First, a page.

You don’t vote when you are dead, let’s vaccinate people first- Zimbabwe minister


Justice Minister Ziyambi Ziyambi says Zimbabwe should vaccinate its people first and reach herd immunity before thinking about elections because “you do not vote when you are dead”.

Speaking in Parliament in response to a contribution by Dzivaresekwa legislator Edwin Mushoriwa that Zimbabwe was denying its citizens of their democratic right by not holding by-elections, when there were so many vacancies, Ziyambi said: “We made a resolution as a country that we need to fight COVID-19 and our main thrust is, let us reach herd immunity as early as possible.  So, what we have tried to do as a country is to mobilise our resources to procuring vaccines to make sure that Zimbabweans are safe.

“You do not vote when you are dead.  You do not exercise your democratic rights when you are dead.  What we are trying to do is, we have a state of public works emergency.  We have this thrust; we must ensure that Zimbabweans are protected.”

There are several vacancies in Parliament and in councils following the recall of Movement for Democratic Alliance legislators by the MDC-Tsvangirai.

Zimbabwe intends to vaccinate 10 million people by the end of the year to reach herd immunity but as of yesterday only 671 155 had been fully vaccinated but 1 400 905 had received the first dose.

Full debate



Third Order read: Adjourned debate on motion on the report of the Zimbabwe Electoral Commission for the year 2020.

Question again proposed.

HON. MUSHORIWA: The Zimbabwe Electoral Commission is an integral commission in terms of the industry running the affairs in the country. If you check the Zimbabwe Electoral Commission Report of 2020 and then you check its mandate and what it is supposed to do, you will realise that there are a lot of gaps that need to be filled.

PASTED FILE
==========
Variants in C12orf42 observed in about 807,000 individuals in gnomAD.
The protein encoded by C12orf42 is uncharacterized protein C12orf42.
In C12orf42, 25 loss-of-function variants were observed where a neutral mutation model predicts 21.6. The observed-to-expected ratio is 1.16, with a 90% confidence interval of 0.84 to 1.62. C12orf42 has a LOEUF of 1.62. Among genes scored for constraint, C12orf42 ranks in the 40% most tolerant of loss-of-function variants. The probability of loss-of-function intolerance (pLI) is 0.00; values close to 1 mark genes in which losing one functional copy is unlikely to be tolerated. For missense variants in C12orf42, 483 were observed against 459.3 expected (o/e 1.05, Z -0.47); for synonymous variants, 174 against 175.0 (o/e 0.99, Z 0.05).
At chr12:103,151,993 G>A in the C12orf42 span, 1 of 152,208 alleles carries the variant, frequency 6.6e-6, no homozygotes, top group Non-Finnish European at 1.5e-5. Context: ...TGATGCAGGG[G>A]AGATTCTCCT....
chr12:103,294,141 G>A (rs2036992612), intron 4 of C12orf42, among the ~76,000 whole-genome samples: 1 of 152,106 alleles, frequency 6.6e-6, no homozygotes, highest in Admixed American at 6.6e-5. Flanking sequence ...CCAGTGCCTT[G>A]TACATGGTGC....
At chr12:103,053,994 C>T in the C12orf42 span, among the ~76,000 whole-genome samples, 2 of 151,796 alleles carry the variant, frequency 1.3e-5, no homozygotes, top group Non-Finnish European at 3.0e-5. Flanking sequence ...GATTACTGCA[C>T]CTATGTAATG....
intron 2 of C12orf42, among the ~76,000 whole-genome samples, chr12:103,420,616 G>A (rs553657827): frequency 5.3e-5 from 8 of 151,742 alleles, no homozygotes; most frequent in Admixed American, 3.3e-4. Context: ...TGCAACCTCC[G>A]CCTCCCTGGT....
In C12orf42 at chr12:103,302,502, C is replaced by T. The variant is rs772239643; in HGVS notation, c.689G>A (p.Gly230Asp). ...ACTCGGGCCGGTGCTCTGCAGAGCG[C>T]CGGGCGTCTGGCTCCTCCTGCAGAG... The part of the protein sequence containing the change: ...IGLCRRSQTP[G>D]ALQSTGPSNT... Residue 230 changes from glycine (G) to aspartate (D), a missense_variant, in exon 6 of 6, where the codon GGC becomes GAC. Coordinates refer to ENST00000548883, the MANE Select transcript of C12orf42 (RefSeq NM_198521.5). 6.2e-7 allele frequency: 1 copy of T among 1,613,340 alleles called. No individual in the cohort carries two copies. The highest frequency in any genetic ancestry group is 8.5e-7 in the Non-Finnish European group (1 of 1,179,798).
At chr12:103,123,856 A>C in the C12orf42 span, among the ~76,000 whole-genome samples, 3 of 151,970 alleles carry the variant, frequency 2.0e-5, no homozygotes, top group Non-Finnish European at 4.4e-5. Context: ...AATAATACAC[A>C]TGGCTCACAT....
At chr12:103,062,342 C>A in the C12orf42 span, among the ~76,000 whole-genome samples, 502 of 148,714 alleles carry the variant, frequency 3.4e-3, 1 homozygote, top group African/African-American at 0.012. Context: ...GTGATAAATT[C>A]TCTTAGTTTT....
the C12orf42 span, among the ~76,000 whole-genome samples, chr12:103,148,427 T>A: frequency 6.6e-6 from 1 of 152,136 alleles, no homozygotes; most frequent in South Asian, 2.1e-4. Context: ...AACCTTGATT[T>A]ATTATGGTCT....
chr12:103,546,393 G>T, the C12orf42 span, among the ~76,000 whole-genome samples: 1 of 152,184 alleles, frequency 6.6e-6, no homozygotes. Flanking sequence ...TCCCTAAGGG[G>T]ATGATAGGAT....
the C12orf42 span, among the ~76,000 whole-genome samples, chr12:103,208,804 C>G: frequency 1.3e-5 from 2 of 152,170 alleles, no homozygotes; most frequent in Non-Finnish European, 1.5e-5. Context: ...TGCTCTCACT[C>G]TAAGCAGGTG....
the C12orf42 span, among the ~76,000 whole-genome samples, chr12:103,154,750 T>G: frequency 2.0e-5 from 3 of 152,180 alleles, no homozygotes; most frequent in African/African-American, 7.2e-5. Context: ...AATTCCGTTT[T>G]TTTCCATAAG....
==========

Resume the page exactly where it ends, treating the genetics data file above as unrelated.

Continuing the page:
Firstly, it is agreed and understood that we are under COVID and that COVID is affecting a number of ways and things that we normally do as a country and probably the world over. There is also an issue that we need to mirror, put in terms of human rights – the rights of the citizens of a country, their democratic right that needs to be exercised. You will understand and also know that in the year 2020, other countries that have also been affected by COVID have had a chance to exercise their democratic right in terms of general elections in Africa and outside Africa and also by-elections and other electoral activities.

What we have discovered is that in Zimbabwe in the year 2020, there have been very few or no activities. You will realise that even registration of new voters, ZEC has done very little and even in terms of their work at provincial level, it has been very minimal. You will realise that even in terms of funding, they have actually been complaining that the funding level has been too low to an extent that ZEC has actually, in my view, been operating just like a shell in 2020.  As we speak right now, we have got numerous vacancies in the House and a number of constituencies do not have Members of Parliament. A number of wards in this country do not have councillors. By-elections and representation is the key ingredient in a democratic society.  There is an adage that  says that there is no taxation without representation.

When you have more than 20% of the country not being represented and you have an Electoral Commission that is supposed to do its work, then you put the democratic ethos of a country in jeopardy. In my view, I believe that as a country we need to ensure and allow ZEC to do its work to make sure that it is properly funded and that it is given all the resources so that it can play a significant role in this country. We do not want to have a situation where other people will then tend to view the electoral commission as a commission in handcuffs. It appears as if it is doing the bidding of other people rather than the mandate which it was given by the Constitution and the people of Zimbabwe.

Continued next page


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Charles Rukuni
The Insider is a political and business bulletin about Zimbabwe, edited by Charles Rukuni. Founded in 1990, it was a printed 12-page subscription only newsletter until 2003 when Zimbabwe's hyper-inflation made it impossible to continue printing.


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